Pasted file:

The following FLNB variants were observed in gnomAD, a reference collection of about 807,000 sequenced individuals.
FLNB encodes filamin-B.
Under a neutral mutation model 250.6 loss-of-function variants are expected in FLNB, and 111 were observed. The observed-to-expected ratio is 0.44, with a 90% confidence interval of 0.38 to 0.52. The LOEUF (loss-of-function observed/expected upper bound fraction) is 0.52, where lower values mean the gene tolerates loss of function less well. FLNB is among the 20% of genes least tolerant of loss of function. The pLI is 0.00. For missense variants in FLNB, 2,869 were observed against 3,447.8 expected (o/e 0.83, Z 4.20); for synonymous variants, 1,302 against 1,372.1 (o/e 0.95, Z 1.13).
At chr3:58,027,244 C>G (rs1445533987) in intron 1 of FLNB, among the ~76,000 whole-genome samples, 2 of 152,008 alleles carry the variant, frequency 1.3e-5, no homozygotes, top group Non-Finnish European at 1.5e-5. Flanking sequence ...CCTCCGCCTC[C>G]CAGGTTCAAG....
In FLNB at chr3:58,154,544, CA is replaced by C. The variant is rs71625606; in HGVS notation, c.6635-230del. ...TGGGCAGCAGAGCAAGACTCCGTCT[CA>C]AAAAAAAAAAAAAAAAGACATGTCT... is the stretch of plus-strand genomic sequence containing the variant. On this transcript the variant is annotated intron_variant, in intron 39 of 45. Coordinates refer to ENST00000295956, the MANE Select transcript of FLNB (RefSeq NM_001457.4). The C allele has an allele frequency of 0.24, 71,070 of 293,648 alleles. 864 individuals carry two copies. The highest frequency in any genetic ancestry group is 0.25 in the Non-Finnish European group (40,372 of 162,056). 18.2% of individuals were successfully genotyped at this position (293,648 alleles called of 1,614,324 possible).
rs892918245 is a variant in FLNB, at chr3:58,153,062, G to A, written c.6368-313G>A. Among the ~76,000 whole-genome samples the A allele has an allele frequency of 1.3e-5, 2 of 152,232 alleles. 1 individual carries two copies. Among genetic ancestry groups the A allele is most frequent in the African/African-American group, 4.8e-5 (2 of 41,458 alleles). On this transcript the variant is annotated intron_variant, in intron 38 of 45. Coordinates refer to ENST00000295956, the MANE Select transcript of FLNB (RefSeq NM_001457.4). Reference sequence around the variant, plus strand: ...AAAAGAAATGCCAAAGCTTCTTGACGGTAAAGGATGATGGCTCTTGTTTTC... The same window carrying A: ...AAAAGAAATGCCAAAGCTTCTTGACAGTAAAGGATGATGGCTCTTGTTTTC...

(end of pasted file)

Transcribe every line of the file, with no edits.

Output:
The following FLNB variants were observed in gnomAD, a reference collection of about 807,000 sequenced individuals.
FLNB encodes filamin-B.
Under a neutral mutation model 250.6 loss-of-function variants are expected in FLNB, and 111 were observed. The observed-to-expected ratio is 0.44, with a 90% confidence interval of 0.38 to 0.52. The LOEUF (loss-of-function observed/expected upper bound fraction) is 0.52, where lower values mean the gene tolerates loss of function less well. FLNB is among the 20% of genes least tolerant of loss of function. The pLI is 0.00. For missense variants in FLNB, 2,869 were observed against 3,447.8 expected (o/e 0.83, Z 4.20); for synonymous variants, 1,302 against 1,372.1 (o/e 0.95, Z 1.13).
At chr3:58,027,244 C>G (rs1445533987) in intron 1 of FLNB, among the ~76,000 whole-genome samples, 2 of 152,008 alleles carry the variant, frequency 1.3e-5, no homozygotes, top group Non-Finnish European at 1.5e-5. Flanking sequence ...CCTCCGCCTC[C>G]CAGGTTCAAG....
In FLNB at chr3:58,154,544, CA is replaced by C. The variant is rs71625606; in HGVS notation, c.6635-230del. ...TGGGCAGCAGAGCAAGACTCCGTCT[CA>C]AAAAAAAAAAAAAAAAGACATGTCT... is the stretch of plus-strand genomic sequence containing the variant. On this transcript the variant is annotated intron_variant, in intron 39 of 45. Coordinates refer to ENST00000295956, the MANE Select transcript of FLNB (RefSeq NM_001457.4). The C allele has an allele frequency of 0.24, 71,070 of 293,648 alleles. 864 individuals carry two copies. The highest frequency in any genetic ancestry group is 0.25 in the Non-Finnish European group (40,372 of 162,056). 18.2% of individuals were successfully genotyped at this position (293,648 alleles called of 1,614,324 possible).
rs892918245 is a variant in FLNB, at chr3:58,153,062, G to A, written c.6368-313G>A. Among the ~76,000 whole-genome samples the A allele has an allele frequency of 1.3e-5, 2 of 152,232 alleles. 1 individual carries two copies. Among genetic ancestry groups the A allele is most frequent in the African/African-American group, 4.8e-5 (2 of 41,458 alleles). On this transcript the variant is annotated intron_variant, in intron 38 of 45. Coordinates refer to ENST00000295956, the MANE Select transcript of FLNB (RefSeq NM_001457.4). Reference sequence around the variant, plus strand: ...AAAAGAAATGCCAAAGCTTCTTGACGGTAAAGGATGATGGCTCTTGTTTTC... The same window carrying A: ...AAAAGAAATGCCAAAGCTTCTTGACAGTAAAGGATGATGGCTCTTGTTTTC...